Strategic Planning for Nonprofit Organizations: A Practical Guide and Workbook by Michael Allison, Jude Kaye, 1997, John Wiley & Sons Canada; (ISBN: 0471178322).
Strategic Tools for Social Entrepreneurs: Enhancing the Performance of Your Enterprising Nonprofit by J. Gregory Dees, Jed Emerson, Peter Economy(ISBN: 0471150681).
Nonfiction Matters: Reading, Writing, and Research in Grades 3-8 by Stephanie Harvey Publisher: Stenhouse Pub; (1998) (ISBN: 1571100725).
The Innovator’s Solution: Creating and Sustaining Successful Growth by Clayton Christensen, Michael Raynor (2003) Harvard Business School Press; (ISBN: 1578518520)
Leonardo’s Laptop: Human Needs and the New Computing Technologies; by Ben Shniederman; (ISBN: 0262692996) 2003; MIT Press.
Persuasive Technology: Using Computers to Change What We Think and Do; by B. J. Fogg; (2002) Morgan Kaufmann; (ISBN: 1558606432)
Performance Intervention Maps: 36 Strategies for Solving Your Organization’s Problems by Sanders & Thiagarajan (ASTD 2000) (ISBN 1-562862-93-6)
Handbook of Human Performance Technology: Second Edition
Improving Individual and Organizational Performance Worldwide
Edited by Harold D. Stolovitch & Erica J. Keeps (ISBN 0-787911-02-9); ISPI/Jossey-Bass/Pfeiffer/1999
Visual display of quantitative information, E. Tufte, (2001)
Leveraging Communities of Practice for Strategic Advantage: Saint-Onge & Wallace (2002). Boston: Butterworth-Heinemann.
Scott Leslie posts on who is using open source course management systems and makes the suggestion that the open source community advertise itself, and become more accesible to the mainstream learning community. Have we reached the tipping point for OSS yet? I noticed that as of today, there are 29 Canadian organisations using Moodle; mostly academic and many in the K-12 sector. Atutor’s clientele seems more eclectic, while dotLRN has fewer installations posted, but the international Greenpeace site is pretty impressive, and yes it includes RSS feeds.
I have been trying to organize a group of independent consultants and micro-businesses here in Sackville. This is a small town with a population of 5,000, plus the 2,400 students at Mount Allison University. I think that micro-businesses are very important because many of us have options on where we can live, as our clients are distributed, and the Internet has made distant/virtual work much easier. We could attract more "free agents" to our area, without significant infrastructure additions.
Having a number of micro-businesses in a small community provides a diverse and more stable economic base than having larger, single focus firms. The closure of a few micro-businesses would not have the destructive effects as the closure of a single distribution centre, as happened here a few years back. As in nature, diversity in economies helps with adaptation and growth.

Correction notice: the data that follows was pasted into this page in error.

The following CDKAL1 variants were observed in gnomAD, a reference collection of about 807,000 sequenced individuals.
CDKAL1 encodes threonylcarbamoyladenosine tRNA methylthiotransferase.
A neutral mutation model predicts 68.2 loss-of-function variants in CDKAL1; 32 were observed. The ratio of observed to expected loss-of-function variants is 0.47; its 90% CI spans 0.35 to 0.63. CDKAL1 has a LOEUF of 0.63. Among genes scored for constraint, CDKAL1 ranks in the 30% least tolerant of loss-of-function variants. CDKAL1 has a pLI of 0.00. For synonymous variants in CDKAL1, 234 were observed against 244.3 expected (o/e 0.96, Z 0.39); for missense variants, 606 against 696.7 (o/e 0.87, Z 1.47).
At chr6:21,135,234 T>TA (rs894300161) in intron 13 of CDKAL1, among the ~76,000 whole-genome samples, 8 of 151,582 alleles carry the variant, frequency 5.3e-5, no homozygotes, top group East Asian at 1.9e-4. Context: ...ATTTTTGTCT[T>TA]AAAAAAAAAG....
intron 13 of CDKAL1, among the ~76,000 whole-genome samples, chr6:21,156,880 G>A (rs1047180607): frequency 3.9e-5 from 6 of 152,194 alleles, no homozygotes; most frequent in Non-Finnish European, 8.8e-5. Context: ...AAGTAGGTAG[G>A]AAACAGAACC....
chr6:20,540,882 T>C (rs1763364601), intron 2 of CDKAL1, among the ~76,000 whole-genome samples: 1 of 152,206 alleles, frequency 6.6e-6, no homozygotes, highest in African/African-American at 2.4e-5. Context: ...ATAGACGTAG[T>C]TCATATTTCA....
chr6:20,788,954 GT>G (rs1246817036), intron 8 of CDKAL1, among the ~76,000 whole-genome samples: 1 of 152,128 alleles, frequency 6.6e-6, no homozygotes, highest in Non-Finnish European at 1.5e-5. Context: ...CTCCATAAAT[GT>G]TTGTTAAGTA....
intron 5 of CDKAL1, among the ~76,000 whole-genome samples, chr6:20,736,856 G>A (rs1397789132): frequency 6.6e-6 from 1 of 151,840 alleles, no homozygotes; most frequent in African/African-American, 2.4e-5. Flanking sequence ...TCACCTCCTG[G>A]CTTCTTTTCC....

My aim over the past six months has been to find out how many people in our area work as non-retail, externally focused knowledge workers. I’ve set up a discussion board, but there hasn’t been too much activity to date. I have a list of about 10 people/companies, but I’m sure that there are more.
I think that as a group we can do a few things:
1. Show that we are significant contributors to the local economy (anywhere from $500K to $2M, is my estimate)
2. Share information on being free agents, and help each other. So far our monthly coffee meetings have generated some good conversations.
3. Look into creating a virtual storefront to share our stories, and perhaps attract others who would like to move to a lovely small town, with heritage homes and a great community to raise kids and enjoy the arts.
4. Lobby the three levels of government. If they are going to continue to play the economic development game, then we should have some input.
I’d love any comments, or ideas on how to grow the Sackville SOHO Society.
I have generally been against the use of technology for technology’s sake, and this includes laptops in schools. An article in Syllabus has raised a good point to make me question my anti-laptop stance. According to the author, having laptops available to all students provides more opportunities for advanced students. "As the schools embrace full access to online resources, they are importing services and resources. They are also giving kids access to online Advance Placement (AP) courses that are produced and distributed by colleges and corporations. These school districts could never afford to support as many AP students as is possible electronically." Perhaps I’ve been wrong.
Thanks to Stephen Downes’ OLDaily for pointing this out. The PEW Research Centre states that 44% of American Internet users put content online for free. I think that there are a couple of inferences that one can make. First, that it is possible to have content online without paying someone. Second, that if you are going to launch a business that offers content for sale, then it has to be better in some way than all of the free content out there. As I’ve said before, just putting content online is not a viable business model.